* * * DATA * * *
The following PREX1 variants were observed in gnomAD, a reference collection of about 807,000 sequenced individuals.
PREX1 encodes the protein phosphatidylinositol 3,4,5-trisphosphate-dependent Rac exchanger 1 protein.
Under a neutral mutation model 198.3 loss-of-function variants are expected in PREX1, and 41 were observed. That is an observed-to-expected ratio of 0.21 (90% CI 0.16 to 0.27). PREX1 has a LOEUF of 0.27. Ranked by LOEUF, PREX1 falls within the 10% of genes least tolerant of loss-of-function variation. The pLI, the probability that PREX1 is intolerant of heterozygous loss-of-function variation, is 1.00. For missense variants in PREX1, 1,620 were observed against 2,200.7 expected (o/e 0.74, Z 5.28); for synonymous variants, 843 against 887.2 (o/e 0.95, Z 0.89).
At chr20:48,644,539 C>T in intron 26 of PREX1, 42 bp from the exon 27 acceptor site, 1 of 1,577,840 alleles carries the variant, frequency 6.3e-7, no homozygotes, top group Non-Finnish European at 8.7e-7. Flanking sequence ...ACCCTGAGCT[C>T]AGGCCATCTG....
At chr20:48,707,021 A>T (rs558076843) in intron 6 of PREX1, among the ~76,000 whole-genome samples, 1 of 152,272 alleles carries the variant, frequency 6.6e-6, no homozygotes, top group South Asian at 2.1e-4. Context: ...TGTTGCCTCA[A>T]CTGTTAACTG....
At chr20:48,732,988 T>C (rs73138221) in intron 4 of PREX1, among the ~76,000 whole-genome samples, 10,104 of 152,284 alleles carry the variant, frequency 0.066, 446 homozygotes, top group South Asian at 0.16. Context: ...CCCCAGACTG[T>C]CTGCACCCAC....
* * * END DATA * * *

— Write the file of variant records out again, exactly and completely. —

The following PREX1 variants were observed in gnomAD, a reference collection of about 807,000 sequenced individuals.
PREX1 encodes the protein phosphatidylinositol 3,4,5-trisphosphate-dependent Rac exchanger 1 protein.
Under a neutral mutation model 198.3 loss-of-function variants are expected in PREX1, and 41 were observed. That is an observed-to-expected ratio of 0.21 (90% CI 0.16 to 0.27). PREX1 has a LOEUF of 0.27. Ranked by LOEUF, PREX1 falls within the 10% of genes least tolerant of loss-of-function variation. The pLI, the probability that PREX1 is intolerant of heterozygous loss-of-function variation, is 1.00. For missense variants in PREX1, 1,620 were observed against 2,200.7 expected (o/e 0.74, Z 5.28); for synonymous variants, 843 against 887.2 (o/e 0.95, Z 0.89).
At chr20:48,644,539 C>T in intron 26 of PREX1, 42 bp from the exon 27 acceptor site, 1 of 1,577,840 alleles carries the variant, frequency 6.3e-7, no homozygotes, top group Non-Finnish European at 8.7e-7. Flanking sequence ...ACCCTGAGCT[C>T]AGGCCATCTG....
At chr20:48,707,021 A>T (rs558076843) in intron 6 of PREX1, among the ~76,000 whole-genome samples, 1 of 152,272 alleles carries the variant, frequency 6.6e-6, no homozygotes, top group South Asian at 2.1e-4. Context: ...TGTTGCCTCA[A>T]CTGTTAACTG....
At chr20:48,732,988 T>C (rs73138221) in intron 4 of PREX1, among the ~76,000 whole-genome samples, 10,104 of 152,284 alleles carry the variant, frequency 0.066, 446 homozygotes, top group South Asian at 0.16. Context: ...CCCCAGACTG[T>C]CTGCACCCAC....